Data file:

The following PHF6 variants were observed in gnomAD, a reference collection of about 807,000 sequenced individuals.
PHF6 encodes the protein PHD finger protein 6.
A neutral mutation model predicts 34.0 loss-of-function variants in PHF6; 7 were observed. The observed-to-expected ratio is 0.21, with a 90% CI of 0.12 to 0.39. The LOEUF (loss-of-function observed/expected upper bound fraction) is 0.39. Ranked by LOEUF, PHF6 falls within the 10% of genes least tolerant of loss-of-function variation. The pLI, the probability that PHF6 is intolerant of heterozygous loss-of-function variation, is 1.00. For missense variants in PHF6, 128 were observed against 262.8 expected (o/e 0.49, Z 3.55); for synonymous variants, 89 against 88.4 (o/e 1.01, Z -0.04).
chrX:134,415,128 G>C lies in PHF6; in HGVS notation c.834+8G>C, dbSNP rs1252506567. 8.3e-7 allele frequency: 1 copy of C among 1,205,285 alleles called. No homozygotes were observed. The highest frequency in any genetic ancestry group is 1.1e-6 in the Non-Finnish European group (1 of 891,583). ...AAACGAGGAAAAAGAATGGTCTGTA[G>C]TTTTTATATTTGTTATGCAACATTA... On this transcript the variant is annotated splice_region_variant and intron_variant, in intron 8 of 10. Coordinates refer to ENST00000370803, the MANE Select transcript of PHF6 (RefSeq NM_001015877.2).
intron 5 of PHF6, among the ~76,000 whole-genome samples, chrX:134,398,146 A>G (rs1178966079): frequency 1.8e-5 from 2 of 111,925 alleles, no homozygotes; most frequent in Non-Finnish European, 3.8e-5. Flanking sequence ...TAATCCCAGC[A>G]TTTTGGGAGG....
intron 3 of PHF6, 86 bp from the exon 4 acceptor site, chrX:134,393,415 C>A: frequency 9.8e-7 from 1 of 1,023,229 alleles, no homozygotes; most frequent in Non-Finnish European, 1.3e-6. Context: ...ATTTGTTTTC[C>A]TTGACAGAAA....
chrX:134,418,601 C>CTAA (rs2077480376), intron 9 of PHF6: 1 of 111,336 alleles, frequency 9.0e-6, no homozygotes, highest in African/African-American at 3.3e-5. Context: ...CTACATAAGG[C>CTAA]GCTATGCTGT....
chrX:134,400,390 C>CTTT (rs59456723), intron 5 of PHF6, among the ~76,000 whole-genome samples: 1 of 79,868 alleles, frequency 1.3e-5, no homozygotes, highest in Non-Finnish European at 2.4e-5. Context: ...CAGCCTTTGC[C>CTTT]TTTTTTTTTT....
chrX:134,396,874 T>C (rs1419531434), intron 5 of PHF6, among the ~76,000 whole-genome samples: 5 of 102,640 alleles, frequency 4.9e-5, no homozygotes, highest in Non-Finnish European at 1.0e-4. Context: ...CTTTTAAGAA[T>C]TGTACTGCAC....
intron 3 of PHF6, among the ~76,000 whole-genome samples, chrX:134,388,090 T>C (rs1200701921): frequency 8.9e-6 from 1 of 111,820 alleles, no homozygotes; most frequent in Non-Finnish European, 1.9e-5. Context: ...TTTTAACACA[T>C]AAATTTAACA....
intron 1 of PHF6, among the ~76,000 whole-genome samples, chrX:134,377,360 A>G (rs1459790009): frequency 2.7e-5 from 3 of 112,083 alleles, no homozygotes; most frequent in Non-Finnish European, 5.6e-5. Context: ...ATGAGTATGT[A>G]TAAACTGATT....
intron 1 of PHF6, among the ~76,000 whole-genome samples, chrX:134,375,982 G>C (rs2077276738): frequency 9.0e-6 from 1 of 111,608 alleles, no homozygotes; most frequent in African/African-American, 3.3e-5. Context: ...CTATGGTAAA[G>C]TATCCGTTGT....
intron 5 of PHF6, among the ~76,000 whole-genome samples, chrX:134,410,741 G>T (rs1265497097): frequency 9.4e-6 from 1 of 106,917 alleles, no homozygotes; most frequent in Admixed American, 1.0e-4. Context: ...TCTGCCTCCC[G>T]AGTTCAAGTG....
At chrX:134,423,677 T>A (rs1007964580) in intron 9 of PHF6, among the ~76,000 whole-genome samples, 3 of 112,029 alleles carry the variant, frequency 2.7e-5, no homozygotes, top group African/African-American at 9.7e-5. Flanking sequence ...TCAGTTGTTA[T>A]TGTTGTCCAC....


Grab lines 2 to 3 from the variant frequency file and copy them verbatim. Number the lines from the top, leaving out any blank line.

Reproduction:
PHF6 encodes the protein PHD finger protein 6.
A neutral mutation model predicts 34.0 loss-of-function variants in PHF6; 7 were observed. The observed-to-expected ratio is 0.21, with a 90% CI of 0.12 to 0.39. The LOEUF (loss-of-function observed/expected upper bound fraction) is 0.39. Ranked by LOEUF, PHF6 falls within the 10% of genes least tolerant of loss-of-function variation. The pLI, the probability that PHF6 is intolerant of heterozygous loss-of-function variation, is 1.00. For missense variants in PHF6, 128 were observed against 262.8 expected (o/e 0.49, Z 3.55); for synonymous variants, 89 against 88.4 (o/e 1.01, Z -0.04).